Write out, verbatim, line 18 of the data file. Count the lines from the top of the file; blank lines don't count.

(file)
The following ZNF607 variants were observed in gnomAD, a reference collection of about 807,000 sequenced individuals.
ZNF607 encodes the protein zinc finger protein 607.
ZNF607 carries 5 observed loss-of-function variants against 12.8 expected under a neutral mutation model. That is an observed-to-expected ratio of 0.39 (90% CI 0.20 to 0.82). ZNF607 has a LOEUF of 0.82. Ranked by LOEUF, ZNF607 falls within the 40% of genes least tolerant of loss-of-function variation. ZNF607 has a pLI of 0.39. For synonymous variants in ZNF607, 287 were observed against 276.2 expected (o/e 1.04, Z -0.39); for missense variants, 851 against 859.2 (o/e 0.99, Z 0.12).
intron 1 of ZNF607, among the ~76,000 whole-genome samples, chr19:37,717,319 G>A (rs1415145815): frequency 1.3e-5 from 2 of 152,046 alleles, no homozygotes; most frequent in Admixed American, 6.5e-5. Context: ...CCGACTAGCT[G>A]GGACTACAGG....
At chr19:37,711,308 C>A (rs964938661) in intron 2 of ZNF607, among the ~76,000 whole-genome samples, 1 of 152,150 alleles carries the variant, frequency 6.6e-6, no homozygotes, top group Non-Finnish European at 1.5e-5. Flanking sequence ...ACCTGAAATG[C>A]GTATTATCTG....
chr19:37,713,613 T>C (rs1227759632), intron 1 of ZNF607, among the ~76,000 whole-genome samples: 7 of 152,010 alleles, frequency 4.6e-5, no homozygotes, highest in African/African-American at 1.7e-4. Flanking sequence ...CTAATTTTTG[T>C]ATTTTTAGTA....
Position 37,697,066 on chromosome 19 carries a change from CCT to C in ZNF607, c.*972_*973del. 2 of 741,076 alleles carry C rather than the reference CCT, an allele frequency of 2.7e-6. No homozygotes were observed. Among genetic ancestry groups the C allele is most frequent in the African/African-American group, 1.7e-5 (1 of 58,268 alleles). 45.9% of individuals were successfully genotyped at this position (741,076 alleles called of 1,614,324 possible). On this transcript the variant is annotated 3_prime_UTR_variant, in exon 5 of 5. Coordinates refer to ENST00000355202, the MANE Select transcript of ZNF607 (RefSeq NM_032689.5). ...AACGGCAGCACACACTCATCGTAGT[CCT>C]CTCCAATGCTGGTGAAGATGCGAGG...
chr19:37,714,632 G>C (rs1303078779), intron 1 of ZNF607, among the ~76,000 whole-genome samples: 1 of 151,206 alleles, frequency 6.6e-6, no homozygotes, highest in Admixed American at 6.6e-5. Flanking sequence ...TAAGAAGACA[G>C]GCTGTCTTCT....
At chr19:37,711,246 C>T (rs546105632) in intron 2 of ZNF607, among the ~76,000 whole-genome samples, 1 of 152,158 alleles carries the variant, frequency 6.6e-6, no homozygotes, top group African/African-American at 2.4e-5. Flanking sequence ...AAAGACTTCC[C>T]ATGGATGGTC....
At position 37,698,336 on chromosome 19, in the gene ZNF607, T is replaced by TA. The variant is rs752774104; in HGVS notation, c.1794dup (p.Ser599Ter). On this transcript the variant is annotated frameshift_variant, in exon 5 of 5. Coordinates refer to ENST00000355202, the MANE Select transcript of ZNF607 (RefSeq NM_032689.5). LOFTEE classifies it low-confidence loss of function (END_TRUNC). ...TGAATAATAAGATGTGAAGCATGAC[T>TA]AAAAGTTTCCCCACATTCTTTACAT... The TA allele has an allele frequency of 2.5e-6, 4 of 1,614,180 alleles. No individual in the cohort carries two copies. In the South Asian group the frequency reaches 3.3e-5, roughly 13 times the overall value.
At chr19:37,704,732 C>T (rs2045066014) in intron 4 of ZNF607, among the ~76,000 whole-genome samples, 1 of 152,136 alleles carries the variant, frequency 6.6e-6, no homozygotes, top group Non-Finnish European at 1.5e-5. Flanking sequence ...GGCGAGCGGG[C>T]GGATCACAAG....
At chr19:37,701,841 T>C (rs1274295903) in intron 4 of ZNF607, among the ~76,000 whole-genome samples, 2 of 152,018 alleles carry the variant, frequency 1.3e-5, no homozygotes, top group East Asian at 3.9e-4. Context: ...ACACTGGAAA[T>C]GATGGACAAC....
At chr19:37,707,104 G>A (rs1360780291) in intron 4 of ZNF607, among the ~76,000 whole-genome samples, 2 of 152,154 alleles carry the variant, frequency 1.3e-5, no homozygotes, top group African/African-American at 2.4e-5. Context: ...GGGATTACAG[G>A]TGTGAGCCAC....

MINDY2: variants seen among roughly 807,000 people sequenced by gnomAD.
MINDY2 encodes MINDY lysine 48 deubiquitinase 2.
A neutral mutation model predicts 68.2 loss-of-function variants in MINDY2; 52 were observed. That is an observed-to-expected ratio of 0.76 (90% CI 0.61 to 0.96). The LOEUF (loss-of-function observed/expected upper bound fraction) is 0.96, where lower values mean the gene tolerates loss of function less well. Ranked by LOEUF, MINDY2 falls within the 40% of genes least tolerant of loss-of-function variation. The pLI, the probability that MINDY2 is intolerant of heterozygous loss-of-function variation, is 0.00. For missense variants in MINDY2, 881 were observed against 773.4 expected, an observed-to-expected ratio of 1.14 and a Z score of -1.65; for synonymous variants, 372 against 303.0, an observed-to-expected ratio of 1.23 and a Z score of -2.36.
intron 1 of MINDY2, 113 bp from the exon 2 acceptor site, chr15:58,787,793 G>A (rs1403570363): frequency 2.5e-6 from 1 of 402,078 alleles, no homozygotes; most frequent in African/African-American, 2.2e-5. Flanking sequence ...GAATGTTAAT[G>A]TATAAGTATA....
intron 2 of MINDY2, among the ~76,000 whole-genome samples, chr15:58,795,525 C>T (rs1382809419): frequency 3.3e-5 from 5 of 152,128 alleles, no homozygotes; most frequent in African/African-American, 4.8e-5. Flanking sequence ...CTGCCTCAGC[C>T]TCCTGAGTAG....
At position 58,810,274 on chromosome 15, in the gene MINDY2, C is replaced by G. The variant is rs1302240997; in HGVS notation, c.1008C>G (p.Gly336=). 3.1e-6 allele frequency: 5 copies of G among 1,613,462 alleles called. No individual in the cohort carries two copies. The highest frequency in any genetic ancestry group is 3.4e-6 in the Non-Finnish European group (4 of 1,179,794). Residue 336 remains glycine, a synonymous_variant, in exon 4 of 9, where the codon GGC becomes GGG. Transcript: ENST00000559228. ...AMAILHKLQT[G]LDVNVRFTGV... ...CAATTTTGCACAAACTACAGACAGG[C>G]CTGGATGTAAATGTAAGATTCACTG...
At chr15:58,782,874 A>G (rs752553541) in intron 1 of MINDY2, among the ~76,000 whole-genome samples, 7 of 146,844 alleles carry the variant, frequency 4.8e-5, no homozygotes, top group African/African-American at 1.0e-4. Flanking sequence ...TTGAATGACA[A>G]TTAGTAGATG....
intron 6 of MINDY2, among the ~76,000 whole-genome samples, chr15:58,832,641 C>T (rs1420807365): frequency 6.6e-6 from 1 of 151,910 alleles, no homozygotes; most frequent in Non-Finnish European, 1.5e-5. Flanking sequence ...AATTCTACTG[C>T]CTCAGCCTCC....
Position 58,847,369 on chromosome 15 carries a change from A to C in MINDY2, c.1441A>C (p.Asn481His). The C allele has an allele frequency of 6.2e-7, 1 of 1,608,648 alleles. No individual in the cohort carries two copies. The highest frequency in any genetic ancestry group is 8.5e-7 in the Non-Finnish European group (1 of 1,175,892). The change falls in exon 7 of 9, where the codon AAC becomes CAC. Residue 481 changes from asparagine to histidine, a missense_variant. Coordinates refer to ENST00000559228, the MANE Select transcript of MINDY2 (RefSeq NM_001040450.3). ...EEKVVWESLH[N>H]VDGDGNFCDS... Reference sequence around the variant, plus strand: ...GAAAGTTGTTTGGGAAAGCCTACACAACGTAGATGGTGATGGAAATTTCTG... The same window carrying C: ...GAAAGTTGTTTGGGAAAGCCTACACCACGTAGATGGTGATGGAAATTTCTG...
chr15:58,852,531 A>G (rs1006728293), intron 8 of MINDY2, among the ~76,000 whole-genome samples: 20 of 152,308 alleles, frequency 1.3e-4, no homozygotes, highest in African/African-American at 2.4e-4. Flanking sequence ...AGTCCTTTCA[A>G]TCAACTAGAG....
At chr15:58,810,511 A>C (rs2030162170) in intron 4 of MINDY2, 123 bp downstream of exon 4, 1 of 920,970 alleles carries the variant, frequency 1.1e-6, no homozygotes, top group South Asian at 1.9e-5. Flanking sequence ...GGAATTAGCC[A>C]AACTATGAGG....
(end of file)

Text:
intron 2 of MINDY2, among the ~76,000 whole-genome samples, chr15:58,795,525 C>T (rs1382809419): frequency 3.3e-5 from 5 of 152,128 alleles, no homozygotes; most frequent in African/African-American, 4.8e-5. Flanking sequence ...CTGCCTCAGC[C>T]TCCTGAGTAG....